For corporations it’s actually illegal to mix your business and personal business, however it’s a little looser for us sole proprietors. Even though it’s not a legal obligation it is strongly recommended that you keep things separate.
It’s another reason why I recommend having different accounts for business and personal expenses (same process we set up when talking about how to PAY YOURSELF A SALARY).
2. You’ve got to keep your receipts. This kind of connects to keeping good records, but it deserves specific mentioning. YOU CANNOT CLAIM A DEDUCTION UNLESS YOU HAVE A RECEIPT. I have it straight from a friendly CRA senior agent. Nothing else will do. Just a receipt. It can be a tempting thing to just add in a number or two… you were pretty sure there was another business meal…. Usually you’re just filling in numbers, or sending things to your accountant, so no one is looking…
It’s not worth it. If you get audited (knock on wood, turn in a circle, kiss your aunt Mable) and you don’t have a receipt to back up the deduction, you’ll be in trouble.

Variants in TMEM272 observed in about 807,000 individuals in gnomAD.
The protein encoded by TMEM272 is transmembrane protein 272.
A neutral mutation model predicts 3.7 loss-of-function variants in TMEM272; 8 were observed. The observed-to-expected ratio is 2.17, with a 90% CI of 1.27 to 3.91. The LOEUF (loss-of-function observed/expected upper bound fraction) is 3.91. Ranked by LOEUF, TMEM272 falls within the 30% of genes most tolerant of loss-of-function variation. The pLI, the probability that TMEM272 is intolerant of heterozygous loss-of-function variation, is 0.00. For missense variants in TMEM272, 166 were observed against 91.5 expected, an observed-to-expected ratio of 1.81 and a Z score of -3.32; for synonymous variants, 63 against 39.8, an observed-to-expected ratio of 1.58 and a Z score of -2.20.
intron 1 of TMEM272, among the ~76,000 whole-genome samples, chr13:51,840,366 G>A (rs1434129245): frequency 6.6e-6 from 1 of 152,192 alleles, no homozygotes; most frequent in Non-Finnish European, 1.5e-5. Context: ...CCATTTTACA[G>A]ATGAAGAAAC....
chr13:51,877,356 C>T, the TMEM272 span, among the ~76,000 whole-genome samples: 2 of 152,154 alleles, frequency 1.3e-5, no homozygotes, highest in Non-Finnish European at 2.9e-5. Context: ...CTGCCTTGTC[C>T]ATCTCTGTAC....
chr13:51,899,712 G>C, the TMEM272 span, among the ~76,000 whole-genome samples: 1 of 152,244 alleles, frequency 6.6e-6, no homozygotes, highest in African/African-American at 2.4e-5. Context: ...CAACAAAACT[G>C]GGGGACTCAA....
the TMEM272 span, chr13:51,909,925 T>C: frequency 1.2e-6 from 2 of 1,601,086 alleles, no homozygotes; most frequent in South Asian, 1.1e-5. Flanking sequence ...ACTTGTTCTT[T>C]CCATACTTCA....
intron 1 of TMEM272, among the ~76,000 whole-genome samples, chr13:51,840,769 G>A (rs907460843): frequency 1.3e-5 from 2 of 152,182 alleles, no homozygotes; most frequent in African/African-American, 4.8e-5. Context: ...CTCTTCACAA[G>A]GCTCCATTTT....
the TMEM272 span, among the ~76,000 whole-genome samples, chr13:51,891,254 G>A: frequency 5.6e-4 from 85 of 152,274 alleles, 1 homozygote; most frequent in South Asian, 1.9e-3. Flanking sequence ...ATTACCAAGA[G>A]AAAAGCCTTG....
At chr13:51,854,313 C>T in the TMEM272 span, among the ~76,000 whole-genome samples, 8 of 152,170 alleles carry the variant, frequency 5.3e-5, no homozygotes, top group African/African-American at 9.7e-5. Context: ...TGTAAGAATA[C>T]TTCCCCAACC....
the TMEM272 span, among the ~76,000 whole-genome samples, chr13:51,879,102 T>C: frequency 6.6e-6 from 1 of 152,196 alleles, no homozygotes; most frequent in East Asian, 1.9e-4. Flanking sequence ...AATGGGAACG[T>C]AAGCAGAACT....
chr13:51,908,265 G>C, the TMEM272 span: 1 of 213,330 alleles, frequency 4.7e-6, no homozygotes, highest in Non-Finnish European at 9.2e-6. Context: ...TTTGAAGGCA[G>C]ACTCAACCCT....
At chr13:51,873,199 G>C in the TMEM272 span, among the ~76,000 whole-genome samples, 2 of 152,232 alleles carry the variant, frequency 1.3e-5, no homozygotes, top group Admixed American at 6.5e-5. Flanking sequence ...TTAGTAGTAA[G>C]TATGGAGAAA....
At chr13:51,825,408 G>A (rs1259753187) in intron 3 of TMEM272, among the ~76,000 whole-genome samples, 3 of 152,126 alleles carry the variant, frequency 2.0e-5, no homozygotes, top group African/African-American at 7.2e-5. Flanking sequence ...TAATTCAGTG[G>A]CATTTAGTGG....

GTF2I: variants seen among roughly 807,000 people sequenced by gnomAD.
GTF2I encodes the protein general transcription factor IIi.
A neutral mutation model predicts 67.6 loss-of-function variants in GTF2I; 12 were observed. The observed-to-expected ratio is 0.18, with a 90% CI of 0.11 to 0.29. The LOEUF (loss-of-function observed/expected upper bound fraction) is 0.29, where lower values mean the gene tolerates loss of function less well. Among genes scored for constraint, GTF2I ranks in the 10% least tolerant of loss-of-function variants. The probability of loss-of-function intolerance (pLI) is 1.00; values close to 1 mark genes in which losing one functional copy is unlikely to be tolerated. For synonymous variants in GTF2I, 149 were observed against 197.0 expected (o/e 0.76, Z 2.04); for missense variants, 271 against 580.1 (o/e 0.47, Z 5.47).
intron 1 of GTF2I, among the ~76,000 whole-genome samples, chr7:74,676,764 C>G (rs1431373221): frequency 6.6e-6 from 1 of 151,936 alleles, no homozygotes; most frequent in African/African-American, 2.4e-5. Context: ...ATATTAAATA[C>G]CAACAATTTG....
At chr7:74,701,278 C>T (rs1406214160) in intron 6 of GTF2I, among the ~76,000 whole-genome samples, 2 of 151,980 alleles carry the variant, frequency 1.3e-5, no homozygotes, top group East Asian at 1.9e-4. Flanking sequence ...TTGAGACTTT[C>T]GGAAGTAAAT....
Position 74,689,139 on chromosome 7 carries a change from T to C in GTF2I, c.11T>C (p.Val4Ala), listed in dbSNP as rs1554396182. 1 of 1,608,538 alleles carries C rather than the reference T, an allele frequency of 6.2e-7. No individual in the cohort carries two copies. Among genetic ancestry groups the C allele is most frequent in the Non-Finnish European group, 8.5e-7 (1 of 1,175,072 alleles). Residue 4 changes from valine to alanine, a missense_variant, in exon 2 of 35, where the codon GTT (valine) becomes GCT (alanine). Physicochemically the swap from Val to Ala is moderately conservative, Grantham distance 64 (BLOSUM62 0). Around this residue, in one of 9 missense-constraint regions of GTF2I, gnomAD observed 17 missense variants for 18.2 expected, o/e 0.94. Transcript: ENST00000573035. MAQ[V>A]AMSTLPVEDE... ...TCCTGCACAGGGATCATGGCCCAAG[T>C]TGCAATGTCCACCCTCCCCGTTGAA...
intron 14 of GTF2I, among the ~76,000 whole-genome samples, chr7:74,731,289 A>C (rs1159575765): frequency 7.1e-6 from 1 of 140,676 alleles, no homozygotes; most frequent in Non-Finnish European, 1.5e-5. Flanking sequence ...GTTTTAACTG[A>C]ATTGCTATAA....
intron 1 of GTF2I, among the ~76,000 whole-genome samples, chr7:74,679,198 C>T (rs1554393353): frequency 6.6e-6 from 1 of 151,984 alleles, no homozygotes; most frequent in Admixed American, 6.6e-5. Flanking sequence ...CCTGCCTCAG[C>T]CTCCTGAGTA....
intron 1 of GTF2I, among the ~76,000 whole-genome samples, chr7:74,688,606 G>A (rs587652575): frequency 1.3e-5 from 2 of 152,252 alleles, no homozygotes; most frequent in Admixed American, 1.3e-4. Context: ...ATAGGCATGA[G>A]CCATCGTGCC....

I say, be safe.
Don’t be scared. Owning a business is awesome. You’re in charge of everything. There’s a ton to learn, not just about whatever product you’re selling, but about marketing, and finance, and taxes!! It’s a super cool thing to be doing. Don’t be intimidated by it. It’s an identity to be proud of.
So stop waiting around for someone else to do something. It’s your business. What are you going do?
Well… maybe start with keeping that receipt…
Want to start getting control of your money? How can I help?
Financial Planner/Opera Singer
Money never came naturally to me. In fact… I was a bit of a disaster. I remember (very clearly) what it feels like to be ‘financially out of control’.
And honestly, I still get stressed about money… that doesn’t stop… the difference is that now I have the tools to deal with that stress.
And those tools are what’s made it possible for me to build a life full of the things I want: art, creativity, travel, family and more.